By: Laylan Copelin |
Electricity reserves during the summer’s peak demand should be near or above the target for Texas’ primary power grid for several years, according to a new 10-year forecast released Friday by the Electric Reliability Council of Texas.
On June 1, the reserve margin for the grid serving 85 percent of Texans is expected to be 13 percent over the peak demand for electricity. The target set by the Public Utility Commission is 13.75 percent.
But by August 1 the margin jumps to 16 percent after several new power plants, totaling more than 2,100 megawatts, begin commercial operations.
The ERCOT report also cites a slowdown in the growth of the peak demand for electricity for the better-than-expected reserve margins.
They credit energy efficiency measures by consumers, including more efficient appliances and lighting.
“Although population and the economy continue to grow in the ERCOT region, the relationship between economic growth and peak electric demand has changed in the past several years,” said Warren Lasher, ERCOT’s director of system planning. “We believe recent improvements to our load forecasting methodology are providing a more realistic view of the future electric demand we need to be prepared to serve.”
After several years of inaccurate forecasts, ERCOT for the first time is substituting projections based on the historical growth of customer accounts as opposed to economic projections and employment figures.
The report shows the reserve margin staying above 10 percent until 2020. But several factors could affect the forecast in the future.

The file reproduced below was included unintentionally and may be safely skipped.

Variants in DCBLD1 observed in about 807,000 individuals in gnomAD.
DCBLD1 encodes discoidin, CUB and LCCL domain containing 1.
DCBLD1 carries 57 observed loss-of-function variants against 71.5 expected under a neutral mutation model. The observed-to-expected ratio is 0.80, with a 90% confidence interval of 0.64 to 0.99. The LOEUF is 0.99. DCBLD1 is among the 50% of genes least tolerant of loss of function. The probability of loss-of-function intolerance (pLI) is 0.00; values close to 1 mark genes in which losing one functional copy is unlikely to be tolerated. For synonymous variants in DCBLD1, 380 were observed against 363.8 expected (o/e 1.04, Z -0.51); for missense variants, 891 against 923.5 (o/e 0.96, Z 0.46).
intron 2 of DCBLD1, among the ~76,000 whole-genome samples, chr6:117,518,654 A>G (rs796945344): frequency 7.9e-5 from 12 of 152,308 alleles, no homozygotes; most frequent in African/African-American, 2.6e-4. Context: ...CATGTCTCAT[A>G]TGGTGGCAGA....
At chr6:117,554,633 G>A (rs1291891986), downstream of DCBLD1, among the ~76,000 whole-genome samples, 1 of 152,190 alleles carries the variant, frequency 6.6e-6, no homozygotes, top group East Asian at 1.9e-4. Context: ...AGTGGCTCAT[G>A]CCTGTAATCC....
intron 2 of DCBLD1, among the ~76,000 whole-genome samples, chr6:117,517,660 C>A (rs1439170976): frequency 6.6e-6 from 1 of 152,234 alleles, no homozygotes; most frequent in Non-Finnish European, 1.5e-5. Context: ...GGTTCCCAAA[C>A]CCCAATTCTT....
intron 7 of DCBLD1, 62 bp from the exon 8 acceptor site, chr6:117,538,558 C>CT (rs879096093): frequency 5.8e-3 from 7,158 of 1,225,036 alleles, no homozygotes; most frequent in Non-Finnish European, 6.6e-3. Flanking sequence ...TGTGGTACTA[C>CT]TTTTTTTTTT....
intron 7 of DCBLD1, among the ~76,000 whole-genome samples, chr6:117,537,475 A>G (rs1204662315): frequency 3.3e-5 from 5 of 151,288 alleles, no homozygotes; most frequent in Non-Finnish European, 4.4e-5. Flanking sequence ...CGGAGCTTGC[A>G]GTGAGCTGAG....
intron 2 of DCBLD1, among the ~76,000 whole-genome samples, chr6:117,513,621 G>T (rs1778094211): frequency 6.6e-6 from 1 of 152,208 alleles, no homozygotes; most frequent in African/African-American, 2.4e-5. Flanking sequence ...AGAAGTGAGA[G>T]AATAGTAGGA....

To begin with, five natural gas-fired plants have signed agreements to connect to the grid but have not completed the permitting process. That would add 2,277 megawatts by 2016.
Furthermore, ERCOT officials admit their estimates of wind generation are conservative, pending further study. Currently, ERCOT only counts 8.7 percent of wind generation capacity in its forecast, although as much as 27 percent of coastal wind and 14 percent of non-coastal wind is thought to be available during the summer’s peak demand for electricity.
On the other hand, the federal government is considering tougher air quality rules that could make some older coal plants uneconomical and force their retirement.
The final wild card is weather. The forecast assumes normal weather.
Historic temperatures and drought during 2011 tested the limits of the grid several times, but ERCOT avoided rolling blackouts. However, that close call prompted an ongoing debate whether ERCOT’s wholesale electricity market is offering high enough prices to attract new generation.
Friday’s report suggests that it is _ for now.